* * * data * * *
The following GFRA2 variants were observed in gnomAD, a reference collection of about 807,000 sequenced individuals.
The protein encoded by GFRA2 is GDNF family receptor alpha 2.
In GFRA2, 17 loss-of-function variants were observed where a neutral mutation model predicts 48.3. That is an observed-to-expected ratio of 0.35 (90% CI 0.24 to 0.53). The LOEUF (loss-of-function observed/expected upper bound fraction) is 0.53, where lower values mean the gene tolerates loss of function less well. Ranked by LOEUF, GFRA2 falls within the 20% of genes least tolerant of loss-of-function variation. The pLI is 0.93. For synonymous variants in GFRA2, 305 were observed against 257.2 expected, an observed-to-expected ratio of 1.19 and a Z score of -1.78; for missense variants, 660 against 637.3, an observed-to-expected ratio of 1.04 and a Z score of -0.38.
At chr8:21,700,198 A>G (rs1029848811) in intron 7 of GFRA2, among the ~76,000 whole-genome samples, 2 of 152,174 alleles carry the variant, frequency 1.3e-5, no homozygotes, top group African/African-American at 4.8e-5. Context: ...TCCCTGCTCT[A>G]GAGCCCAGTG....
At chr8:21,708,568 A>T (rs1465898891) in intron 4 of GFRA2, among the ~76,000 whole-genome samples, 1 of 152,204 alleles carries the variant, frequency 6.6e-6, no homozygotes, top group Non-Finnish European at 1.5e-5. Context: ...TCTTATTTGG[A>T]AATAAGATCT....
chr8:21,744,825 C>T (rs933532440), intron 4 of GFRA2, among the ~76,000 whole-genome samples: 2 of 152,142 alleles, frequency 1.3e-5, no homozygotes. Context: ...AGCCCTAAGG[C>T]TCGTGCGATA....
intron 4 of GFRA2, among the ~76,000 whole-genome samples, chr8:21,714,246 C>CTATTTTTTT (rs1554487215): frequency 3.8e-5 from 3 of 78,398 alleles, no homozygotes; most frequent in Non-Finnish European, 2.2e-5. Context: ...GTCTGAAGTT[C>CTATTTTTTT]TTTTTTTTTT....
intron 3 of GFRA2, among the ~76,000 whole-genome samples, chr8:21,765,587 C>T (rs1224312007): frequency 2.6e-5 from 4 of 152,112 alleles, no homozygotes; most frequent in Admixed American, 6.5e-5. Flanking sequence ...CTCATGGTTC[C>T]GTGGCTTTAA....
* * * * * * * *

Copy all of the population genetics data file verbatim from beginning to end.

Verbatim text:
The following GFRA2 variants were observed in gnomAD, a reference collection of about 807,000 sequenced individuals.
The protein encoded by GFRA2 is GDNF family receptor alpha 2.
In GFRA2, 17 loss-of-function variants were observed where a neutral mutation model predicts 48.3. That is an observed-to-expected ratio of 0.35 (90% CI 0.24 to 0.53). The LOEUF (loss-of-function observed/expected upper bound fraction) is 0.53, where lower values mean the gene tolerates loss of function less well. Ranked by LOEUF, GFRA2 falls within the 20% of genes least tolerant of loss-of-function variation. The pLI is 0.93. For synonymous variants in GFRA2, 305 were observed against 257.2 expected, an observed-to-expected ratio of 1.19 and a Z score of -1.78; for missense variants, 660 against 637.3, an observed-to-expected ratio of 1.04 and a Z score of -0.38.
At chr8:21,700,198 A>G (rs1029848811) in intron 7 of GFRA2, among the ~76,000 whole-genome samples, 2 of 152,174 alleles carry the variant, frequency 1.3e-5, no homozygotes, top group African/African-American at 4.8e-5. Context: ...TCCCTGCTCT[A>G]GAGCCCAGTG....
At chr8:21,708,568 A>T (rs1465898891) in intron 4 of GFRA2, among the ~76,000 whole-genome samples, 1 of 152,204 alleles carries the variant, frequency 6.6e-6, no homozygotes, top group Non-Finnish European at 1.5e-5. Context: ...TCTTATTTGG[A>T]AATAAGATCT....
chr8:21,744,825 C>T (rs933532440), intron 4 of GFRA2, among the ~76,000 whole-genome samples: 2 of 152,142 alleles, frequency 1.3e-5, no homozygotes. Context: ...AGCCCTAAGG[C>T]TCGTGCGATA....
intron 4 of GFRA2, among the ~76,000 whole-genome samples, chr8:21,714,246 C>CTATTTTTTT (rs1554487215): frequency 3.8e-5 from 3 of 78,398 alleles, no homozygotes; most frequent in Non-Finnish European, 2.2e-5. Context: ...GTCTGAAGTT[C>CTATTTTTTT]TTTTTTTTTT....
intron 3 of GFRA2, among the ~76,000 whole-genome samples, chr8:21,765,587 C>T (rs1224312007): frequency 2.6e-5 from 4 of 152,112 alleles, no homozygotes; most frequent in Admixed American, 6.5e-5. Flanking sequence ...CTCATGGTTC[C>T]GTGGCTTTAA....